Shameless is a hit TV show produced by Showtime. It takes place in modern-day Southside, Chicago. The plot, while straying at times, largely revolves around the Gallagher family and their continual struggle with (extreme) poverty. While a majority of the show is filmed offsite in a studio in Los Angeles, many outside scenes are filmed in Southside and the houses of the Gallagher's and side-characters are very much based on real houses.

We walked down the street, stopped in front of the two houses, took pictures and admired seeing the house in real life. It was a surreal experience and I felt out-of-place like I didn't belong there. As we prepared to leave (and see other spots from the show), a man came strolling down on his bicycle and asked how we were doing.

"Great! How are you?"

It fell silent as the man stopped in front of the Gallagher house, opened the gate, parked his bike and entered his home. We left a donation on his front porch, got back to the car and took off.

As we took the drive to downtown Chicago, something didn't sit right with me. While it was exciting to have this experience, I began to feel a sense of guilt or wrongdoing. After discussing it with my friends, I came to a sudden realization: No one should visit the "Gallagher" house.

The plot largely revolves the Gallagher family and their continual struggle with (extreme) poverty. It represents what Southside is like for so many residents. While TV shows always dramatize reality, I realized coming to this house was an exploitation of their conditions. It's entertaining to see Frank's shenanigans on TV, the emotional roller coasters characters endure and the outlandish things they have to do to survive. I didn't come here to help better their conditions, immerse myself in what their reality is or even for the donation I left: I came here for my entertainment.

Southside, Chicago is notoriously dangerous. The thefts, murders and other crimes committed on the show are not a far-fetched fantasy for many of the residents, it's a brutal reality. It's a scary way to live. Besides the Milkovich home, all the houses typically seen by tourists are occupied by homeowners. It's not a corporation or a small museum -- it's their actual property. I don't know how many visitors these homes get per day, week, month or year. Still, these homeowners have to see frequent visitors at any hour of the day, interfering with their lives. In my view, coming to their homes and taking pictures of them is a silent way of glamorizing the cycle of poverty. It's a silent way of saying we find joy in their almost unlivable conditions.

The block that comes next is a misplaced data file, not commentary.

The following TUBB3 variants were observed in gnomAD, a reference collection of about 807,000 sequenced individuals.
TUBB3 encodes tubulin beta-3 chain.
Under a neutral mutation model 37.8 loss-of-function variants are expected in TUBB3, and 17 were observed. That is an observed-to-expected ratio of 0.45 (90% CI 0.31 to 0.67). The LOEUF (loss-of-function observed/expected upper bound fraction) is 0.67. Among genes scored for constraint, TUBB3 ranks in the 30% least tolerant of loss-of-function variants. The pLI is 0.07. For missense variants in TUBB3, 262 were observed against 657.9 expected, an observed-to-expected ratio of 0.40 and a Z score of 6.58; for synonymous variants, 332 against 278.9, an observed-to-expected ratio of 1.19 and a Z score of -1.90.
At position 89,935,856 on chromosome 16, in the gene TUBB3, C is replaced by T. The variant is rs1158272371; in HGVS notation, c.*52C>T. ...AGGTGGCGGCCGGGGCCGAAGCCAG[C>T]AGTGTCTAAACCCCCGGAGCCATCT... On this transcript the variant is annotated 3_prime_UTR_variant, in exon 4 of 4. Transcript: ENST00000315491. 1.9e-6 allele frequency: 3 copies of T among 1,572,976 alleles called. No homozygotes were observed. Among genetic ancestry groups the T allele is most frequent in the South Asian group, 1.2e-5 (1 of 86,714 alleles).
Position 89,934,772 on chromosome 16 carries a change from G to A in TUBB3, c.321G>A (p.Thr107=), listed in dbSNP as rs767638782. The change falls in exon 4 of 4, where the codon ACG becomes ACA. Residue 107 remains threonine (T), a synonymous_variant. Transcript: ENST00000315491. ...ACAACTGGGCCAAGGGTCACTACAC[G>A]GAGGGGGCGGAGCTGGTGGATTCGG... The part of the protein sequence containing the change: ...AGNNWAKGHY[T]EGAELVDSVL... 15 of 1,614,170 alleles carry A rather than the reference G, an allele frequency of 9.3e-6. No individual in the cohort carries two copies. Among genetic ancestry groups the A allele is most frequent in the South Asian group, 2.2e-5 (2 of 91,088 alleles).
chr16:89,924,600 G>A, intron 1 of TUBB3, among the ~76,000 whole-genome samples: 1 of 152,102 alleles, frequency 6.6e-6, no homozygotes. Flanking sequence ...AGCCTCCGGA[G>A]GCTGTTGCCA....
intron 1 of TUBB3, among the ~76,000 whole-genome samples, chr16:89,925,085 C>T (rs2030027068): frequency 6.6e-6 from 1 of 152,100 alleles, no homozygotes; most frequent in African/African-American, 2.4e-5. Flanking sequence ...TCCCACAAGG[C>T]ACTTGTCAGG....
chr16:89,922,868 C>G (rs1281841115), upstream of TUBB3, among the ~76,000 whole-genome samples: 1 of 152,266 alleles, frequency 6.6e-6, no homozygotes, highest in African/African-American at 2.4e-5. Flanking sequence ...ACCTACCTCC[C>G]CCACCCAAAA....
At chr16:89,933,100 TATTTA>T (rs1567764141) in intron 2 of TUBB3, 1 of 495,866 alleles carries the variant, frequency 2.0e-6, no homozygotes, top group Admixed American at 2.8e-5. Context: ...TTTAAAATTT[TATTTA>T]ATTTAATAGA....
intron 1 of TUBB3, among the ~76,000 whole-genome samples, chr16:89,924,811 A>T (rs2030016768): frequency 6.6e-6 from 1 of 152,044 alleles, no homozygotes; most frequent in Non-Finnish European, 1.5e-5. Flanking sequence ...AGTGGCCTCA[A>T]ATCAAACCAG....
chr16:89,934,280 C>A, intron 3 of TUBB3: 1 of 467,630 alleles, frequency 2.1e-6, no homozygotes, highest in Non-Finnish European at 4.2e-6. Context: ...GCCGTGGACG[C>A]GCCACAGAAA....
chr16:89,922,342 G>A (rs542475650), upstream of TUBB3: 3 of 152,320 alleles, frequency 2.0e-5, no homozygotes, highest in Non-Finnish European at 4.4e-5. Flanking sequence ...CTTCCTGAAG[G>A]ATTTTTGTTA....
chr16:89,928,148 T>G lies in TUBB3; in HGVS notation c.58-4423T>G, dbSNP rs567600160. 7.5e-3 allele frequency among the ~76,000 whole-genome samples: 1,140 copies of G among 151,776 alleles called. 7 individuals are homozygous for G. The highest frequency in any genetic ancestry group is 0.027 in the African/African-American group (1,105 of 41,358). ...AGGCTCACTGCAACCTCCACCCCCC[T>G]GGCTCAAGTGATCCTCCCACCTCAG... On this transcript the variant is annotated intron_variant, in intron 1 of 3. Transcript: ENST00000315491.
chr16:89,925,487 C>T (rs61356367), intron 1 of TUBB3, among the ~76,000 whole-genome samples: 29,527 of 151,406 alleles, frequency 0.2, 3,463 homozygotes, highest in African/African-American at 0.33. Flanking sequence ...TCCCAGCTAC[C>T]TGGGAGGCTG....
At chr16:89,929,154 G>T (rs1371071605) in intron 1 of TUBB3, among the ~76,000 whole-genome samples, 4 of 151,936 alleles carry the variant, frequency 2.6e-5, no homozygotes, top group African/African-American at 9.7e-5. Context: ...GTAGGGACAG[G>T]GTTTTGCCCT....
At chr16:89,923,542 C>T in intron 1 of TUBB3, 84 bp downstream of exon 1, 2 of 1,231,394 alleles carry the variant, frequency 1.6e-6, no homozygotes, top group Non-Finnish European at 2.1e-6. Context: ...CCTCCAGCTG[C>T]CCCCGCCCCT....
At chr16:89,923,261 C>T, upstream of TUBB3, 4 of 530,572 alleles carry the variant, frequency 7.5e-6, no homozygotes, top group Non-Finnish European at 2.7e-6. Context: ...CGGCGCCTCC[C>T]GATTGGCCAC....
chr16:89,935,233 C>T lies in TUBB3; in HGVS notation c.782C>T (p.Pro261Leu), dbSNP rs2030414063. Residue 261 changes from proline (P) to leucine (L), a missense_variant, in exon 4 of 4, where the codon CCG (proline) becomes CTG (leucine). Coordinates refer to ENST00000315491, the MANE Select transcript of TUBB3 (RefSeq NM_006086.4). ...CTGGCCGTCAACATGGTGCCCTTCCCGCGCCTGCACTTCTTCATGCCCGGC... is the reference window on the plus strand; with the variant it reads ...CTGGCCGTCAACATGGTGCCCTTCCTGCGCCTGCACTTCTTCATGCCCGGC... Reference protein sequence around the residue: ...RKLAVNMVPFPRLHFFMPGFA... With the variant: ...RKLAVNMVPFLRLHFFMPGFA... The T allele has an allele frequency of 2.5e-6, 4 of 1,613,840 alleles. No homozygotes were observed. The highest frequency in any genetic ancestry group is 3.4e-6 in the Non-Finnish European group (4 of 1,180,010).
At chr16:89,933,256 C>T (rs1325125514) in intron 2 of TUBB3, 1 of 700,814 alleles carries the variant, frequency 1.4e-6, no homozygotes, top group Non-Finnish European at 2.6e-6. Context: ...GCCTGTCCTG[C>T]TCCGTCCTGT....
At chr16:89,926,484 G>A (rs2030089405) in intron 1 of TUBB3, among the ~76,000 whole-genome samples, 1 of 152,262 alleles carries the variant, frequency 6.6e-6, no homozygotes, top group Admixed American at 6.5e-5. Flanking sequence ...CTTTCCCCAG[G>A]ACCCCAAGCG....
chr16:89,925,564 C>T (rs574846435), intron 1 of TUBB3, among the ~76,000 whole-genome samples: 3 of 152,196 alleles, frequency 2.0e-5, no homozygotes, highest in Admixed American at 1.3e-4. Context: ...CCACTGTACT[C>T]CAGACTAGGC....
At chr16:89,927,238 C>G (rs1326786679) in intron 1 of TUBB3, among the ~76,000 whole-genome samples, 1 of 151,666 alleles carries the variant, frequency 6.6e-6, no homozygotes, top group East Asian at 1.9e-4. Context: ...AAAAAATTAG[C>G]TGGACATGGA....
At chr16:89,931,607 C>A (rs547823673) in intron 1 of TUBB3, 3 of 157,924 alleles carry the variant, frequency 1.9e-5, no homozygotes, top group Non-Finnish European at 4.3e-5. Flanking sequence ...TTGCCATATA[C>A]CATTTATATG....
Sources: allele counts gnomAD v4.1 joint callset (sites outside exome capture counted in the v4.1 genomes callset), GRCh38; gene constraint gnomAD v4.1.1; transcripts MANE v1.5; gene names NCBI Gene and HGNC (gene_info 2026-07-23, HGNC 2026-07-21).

The conceit of the show is not the issue. TV shows have a way of romanticizing very negative things all the time. The issue at hand is that several visitors are privileged enough to live in a higher quality of life.

I myself experienced the desire and excitement to see the houses. I came for the experience but left with a lesson. I understand that tourism will continue to the homes of these individuals and I am aware that my grievances may not be shared with everyone -- however, I think it's important to take a step back and think about if this were your life. Would you want hundreds, potentially thousands, of people coming to your house? Would you want people to find entertainment in your lifestyle, good and bad?

I understand the experience, excitement, and fun the trip can be. While I recommend skipping the houses altogether and just head downtown, it's most important to remember to be respectful to those very individuals whose lives have been affected so deeply by Shameless.

Cover Image Credit: itsfilmedthere.com

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14 Things Not To Forget On Your Next Vacay

Every time I go on a trip I always forget at least 1 things.


There are all sorts of things that we forget to pack when we go on vacation. How can you remember all the little details when a fun-filled trip awaits you? Not to worry! Here is a short list of items that can be easily forgotten. Pull this list up when packing for your next trip and be relieved when you haven't forgotten a thing.

1. A Phone Charger

2. Toothpaste/Toothbrush

3. Your Favorite Pillow

4. Socks/Underwear

5. Glasses/Contacts

6. Sunscreen

7. A Bathing Suit

8. Lip Balm

9. An Umbrella

10. Sunglasses

11. Money

12. Snacks

13. A Jacket

14. Extra Shampoo/Conditioner